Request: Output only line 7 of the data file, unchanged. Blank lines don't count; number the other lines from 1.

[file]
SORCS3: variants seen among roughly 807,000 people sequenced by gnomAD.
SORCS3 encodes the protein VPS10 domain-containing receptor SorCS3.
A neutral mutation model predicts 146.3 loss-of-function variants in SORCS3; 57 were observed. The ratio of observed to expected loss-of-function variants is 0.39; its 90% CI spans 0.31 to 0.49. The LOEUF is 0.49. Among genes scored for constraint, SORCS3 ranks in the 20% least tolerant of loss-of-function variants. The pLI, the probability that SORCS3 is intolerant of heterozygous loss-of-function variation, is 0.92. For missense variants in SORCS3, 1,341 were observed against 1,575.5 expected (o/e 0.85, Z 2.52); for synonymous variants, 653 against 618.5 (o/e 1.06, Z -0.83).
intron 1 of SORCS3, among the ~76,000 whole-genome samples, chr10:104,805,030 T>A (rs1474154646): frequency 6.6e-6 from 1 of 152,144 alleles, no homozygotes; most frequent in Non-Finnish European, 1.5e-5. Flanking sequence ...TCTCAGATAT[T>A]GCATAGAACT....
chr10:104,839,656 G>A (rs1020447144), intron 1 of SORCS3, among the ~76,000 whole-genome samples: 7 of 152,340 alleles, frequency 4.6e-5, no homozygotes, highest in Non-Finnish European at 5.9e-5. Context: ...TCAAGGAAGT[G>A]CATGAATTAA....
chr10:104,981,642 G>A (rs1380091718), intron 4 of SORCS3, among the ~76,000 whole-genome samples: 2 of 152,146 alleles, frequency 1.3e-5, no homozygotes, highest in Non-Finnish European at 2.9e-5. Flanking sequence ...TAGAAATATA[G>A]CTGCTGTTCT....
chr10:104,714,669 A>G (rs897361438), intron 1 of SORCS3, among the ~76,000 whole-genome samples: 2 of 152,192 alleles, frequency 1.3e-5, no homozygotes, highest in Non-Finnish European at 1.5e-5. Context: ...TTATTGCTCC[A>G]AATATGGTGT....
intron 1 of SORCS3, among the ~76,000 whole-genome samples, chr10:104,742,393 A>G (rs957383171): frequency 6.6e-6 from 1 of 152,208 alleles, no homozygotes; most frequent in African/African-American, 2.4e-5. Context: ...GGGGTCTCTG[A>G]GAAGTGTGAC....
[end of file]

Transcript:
chr10:104,714,669 A>G (rs897361438), intron 1 of SORCS3, among the ~76,000 whole-genome samples: 2 of 152,192 alleles, frequency 1.3e-5, no homozygotes, highest in Non-Finnish European at 1.5e-5. Context: ...TTATTGCTCC[A>G]AATATGGTGT....